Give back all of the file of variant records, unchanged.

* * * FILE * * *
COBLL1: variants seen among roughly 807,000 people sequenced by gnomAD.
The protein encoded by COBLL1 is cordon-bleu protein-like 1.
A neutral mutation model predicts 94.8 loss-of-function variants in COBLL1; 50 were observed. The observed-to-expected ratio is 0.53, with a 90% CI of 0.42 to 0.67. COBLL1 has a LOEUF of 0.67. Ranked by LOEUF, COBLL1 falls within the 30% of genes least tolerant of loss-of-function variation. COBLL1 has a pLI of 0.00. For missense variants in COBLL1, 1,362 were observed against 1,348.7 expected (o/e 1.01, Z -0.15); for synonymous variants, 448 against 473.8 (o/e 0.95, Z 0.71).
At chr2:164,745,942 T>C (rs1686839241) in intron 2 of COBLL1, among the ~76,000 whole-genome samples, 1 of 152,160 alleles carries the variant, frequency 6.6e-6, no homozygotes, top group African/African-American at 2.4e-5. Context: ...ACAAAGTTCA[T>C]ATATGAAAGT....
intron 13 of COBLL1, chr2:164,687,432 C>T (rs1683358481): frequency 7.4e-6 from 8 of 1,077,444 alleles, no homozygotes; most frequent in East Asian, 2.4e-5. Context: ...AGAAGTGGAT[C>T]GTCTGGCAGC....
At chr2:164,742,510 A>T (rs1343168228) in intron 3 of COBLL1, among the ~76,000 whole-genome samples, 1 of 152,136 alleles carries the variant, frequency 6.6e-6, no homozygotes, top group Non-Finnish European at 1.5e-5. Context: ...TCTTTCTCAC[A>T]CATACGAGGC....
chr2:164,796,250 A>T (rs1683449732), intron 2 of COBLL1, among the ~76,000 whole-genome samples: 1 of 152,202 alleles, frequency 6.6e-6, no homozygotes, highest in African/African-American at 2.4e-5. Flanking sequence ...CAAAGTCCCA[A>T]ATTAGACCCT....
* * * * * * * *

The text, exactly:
COBLL1: variants seen among roughly 807,000 people sequenced by gnomAD.
The protein encoded by COBLL1 is cordon-bleu protein-like 1.
A neutral mutation model predicts 94.8 loss-of-function variants in COBLL1; 50 were observed. The observed-to-expected ratio is 0.53, with a 90% CI of 0.42 to 0.67. COBLL1 has a LOEUF of 0.67. Ranked by LOEUF, COBLL1 falls within the 30% of genes least tolerant of loss-of-function variation. COBLL1 has a pLI of 0.00. For missense variants in COBLL1, 1,362 were observed against 1,348.7 expected (o/e 1.01, Z -0.15); for synonymous variants, 448 against 473.8 (o/e 0.95, Z 0.71).
At chr2:164,745,942 T>C (rs1686839241) in intron 2 of COBLL1, among the ~76,000 whole-genome samples, 1 of 152,160 alleles carries the variant, frequency 6.6e-6, no homozygotes, top group African/African-American at 2.4e-5. Context: ...ACAAAGTTCA[T>C]ATATGAAAGT....
intron 13 of COBLL1, chr2:164,687,432 C>T (rs1683358481): frequency 7.4e-6 from 8 of 1,077,444 alleles, no homozygotes; most frequent in East Asian, 2.4e-5. Context: ...AGAAGTGGAT[C>T]GTCTGGCAGC....
At chr2:164,742,510 A>T (rs1343168228) in intron 3 of COBLL1, among the ~76,000 whole-genome samples, 1 of 152,136 alleles carries the variant, frequency 6.6e-6, no homozygotes, top group Non-Finnish European at 1.5e-5. Context: ...TCTTTCTCAC[A>T]CATACGAGGC....
chr2:164,796,250 A>T (rs1683449732), intron 2 of COBLL1, among the ~76,000 whole-genome samples: 1 of 152,202 alleles, frequency 6.6e-6, no homozygotes, highest in African/African-American at 2.4e-5. Flanking sequence ...CAAAGTCCCA[A>T]ATTAGACCCT....